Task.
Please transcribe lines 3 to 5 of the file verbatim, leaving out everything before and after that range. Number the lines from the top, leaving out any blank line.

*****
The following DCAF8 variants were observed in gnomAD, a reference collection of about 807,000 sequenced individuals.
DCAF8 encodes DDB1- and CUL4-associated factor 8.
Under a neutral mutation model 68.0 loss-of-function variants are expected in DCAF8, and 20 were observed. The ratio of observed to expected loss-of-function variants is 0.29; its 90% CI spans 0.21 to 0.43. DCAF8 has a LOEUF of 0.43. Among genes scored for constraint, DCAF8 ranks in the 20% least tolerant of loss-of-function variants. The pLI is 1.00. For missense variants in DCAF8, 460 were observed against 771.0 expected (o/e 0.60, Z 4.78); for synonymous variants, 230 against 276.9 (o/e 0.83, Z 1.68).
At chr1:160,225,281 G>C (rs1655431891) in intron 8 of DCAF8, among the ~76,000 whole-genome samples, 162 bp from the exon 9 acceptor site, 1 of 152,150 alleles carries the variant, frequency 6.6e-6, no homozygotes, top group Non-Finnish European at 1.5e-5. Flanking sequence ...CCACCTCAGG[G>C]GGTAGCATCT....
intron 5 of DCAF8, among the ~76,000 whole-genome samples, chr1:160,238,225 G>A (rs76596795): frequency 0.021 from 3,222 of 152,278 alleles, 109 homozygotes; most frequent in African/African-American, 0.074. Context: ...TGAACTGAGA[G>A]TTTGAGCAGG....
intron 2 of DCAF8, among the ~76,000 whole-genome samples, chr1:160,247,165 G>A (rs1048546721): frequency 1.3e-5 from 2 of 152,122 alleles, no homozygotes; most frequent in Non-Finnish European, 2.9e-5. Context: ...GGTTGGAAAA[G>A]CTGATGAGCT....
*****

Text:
Under a neutral mutation model 68.0 loss-of-function variants are expected in DCAF8, and 20 were observed. The ratio of observed to expected loss-of-function variants is 0.29; its 90% CI spans 0.21 to 0.43. DCAF8 has a LOEUF of 0.43. Among genes scored for constraint, DCAF8 ranks in the 20% least tolerant of loss-of-function variants. The pLI is 1.00. For missense variants in DCAF8, 460 were observed against 771.0 expected (o/e 0.60, Z 4.78); for synonymous variants, 230 against 276.9 (o/e 0.83, Z 1.68).
At chr1:160,225,281 G>C (rs1655431891) in intron 8 of DCAF8, among the ~76,000 whole-genome samples, 162 bp from the exon 9 acceptor site, 1 of 152,150 alleles carries the variant, frequency 6.6e-6, no homozygotes, top group Non-Finnish European at 1.5e-5. Flanking sequence ...CCACCTCAGG[G>C]GGTAGCATCT....
intron 5 of DCAF8, among the ~76,000 whole-genome samples, chr1:160,238,225 G>A (rs76596795): frequency 0.021 from 3,222 of 152,278 alleles, 109 homozygotes; most frequent in African/African-American, 0.074. Context: ...TGAACTGAGA[G>A]TTTGAGCAGG....